High Temperature, Corrosion Resistant Coating for Fasteners and Small Parts
|Publication Date:||1 January 2019|
This standard covers the requirements for a high temperature, corrosion resistant coating with friction control. This coating is for ferrous parts only.
Material Description. This coating is a dip-spin or spray type coating which provides corrosion protection in operating range from -50 °C to 450 °C. The coating is a baked on base coat providing corrosion protection. A lubricant-integrated
Symbols. Not applicable.
Aplicability. This coating is suitable for externally threaded parts (size M6 or greater) and non-threaded ferrous parts where high levels of corrosion protection at high temperature are required. The dip-spin process is not recommended for the following:
• Bolts smaller than M6
• Parts with recessed features (such as internal drive screws)
• Loose washers of all sizes
• Internally threaded parts (nuts)
Dip-spin Coating is a Bulk Process. If parts are prone to nesting, stick together (e.g., flat washers), or easily damaged by mechanical tumbling, do not use dip-spin coating method. Alternatives include spray and dipdrain methods.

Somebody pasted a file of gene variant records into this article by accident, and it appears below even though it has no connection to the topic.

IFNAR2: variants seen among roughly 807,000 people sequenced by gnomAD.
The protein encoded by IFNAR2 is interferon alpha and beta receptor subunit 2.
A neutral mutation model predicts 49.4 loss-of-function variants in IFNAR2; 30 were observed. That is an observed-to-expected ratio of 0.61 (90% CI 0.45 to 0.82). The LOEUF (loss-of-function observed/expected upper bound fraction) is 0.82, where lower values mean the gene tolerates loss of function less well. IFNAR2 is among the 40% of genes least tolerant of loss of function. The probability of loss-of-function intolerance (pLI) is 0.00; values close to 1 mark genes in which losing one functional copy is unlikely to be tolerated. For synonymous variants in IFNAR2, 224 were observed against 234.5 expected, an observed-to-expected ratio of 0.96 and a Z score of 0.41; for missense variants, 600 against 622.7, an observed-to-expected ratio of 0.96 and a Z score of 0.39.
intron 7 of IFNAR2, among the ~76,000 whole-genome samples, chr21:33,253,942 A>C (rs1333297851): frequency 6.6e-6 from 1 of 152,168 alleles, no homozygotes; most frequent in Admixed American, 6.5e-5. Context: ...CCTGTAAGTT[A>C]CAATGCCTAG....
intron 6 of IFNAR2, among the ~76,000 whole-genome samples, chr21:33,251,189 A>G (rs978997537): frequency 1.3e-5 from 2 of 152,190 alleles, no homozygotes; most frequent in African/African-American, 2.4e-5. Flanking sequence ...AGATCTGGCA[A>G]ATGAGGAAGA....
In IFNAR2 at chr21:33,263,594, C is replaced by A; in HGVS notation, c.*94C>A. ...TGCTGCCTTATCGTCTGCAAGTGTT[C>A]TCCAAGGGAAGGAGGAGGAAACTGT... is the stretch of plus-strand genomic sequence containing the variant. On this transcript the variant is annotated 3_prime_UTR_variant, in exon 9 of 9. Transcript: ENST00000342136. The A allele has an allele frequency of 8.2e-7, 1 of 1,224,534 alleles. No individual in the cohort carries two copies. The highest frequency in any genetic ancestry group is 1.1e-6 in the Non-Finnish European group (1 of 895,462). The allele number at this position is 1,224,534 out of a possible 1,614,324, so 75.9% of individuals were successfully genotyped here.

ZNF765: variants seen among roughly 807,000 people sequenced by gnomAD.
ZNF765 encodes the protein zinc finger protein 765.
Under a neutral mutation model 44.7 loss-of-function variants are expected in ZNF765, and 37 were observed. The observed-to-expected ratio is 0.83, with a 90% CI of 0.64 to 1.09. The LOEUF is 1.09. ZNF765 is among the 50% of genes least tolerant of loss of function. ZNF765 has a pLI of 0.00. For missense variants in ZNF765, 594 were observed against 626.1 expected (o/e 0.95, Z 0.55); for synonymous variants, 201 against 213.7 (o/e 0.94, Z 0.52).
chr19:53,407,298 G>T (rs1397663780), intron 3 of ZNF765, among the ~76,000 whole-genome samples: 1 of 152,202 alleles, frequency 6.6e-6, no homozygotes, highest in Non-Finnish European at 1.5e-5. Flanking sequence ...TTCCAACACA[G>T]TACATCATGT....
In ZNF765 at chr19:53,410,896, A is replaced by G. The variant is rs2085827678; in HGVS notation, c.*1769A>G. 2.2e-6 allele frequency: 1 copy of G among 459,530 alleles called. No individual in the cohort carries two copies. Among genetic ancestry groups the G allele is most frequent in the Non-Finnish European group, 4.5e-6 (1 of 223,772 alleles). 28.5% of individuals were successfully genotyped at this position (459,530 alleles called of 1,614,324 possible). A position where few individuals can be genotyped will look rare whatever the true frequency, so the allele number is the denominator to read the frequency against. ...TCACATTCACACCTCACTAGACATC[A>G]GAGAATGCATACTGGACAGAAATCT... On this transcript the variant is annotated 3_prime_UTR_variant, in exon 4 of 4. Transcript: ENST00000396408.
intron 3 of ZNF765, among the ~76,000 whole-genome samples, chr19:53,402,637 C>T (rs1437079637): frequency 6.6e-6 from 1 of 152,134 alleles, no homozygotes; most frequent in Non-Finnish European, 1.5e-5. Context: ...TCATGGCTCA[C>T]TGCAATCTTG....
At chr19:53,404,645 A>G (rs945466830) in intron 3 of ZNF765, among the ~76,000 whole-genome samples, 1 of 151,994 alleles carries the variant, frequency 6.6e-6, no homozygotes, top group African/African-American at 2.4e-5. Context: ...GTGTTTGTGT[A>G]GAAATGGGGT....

Use of this coating system on threaded surface and/or bearing surface of joints could affect the torquetension relationship. It is recommended that a torque-tension study of the fastener joint be performed before releasing this finish on any new application.
This coating process does not generate hydrogen; however, pre-treatment processes, i.e., acid pickling, could cause hydrogen adsorption. See precautions in 3.1.1.
The corrosion performance is influenced by part geometry, substrate material, and application process. The coating systems approved to this specification were tested to meet all requirements using common steel parts. For new designs, applications, and parts with complex geometries, or difficult to clean material such as castings and powder metal, extra validation testing is highly recommended.
Special design and process consideration must be made when applying this coating on surfaces that are part of a clamped joint. This includes the bearing surface against which the bolt underhead comes in contact. On a bolt, stud, or screw, this includes the underhead bearing surface. Excessive coating may creep resulting in loss of clamp load.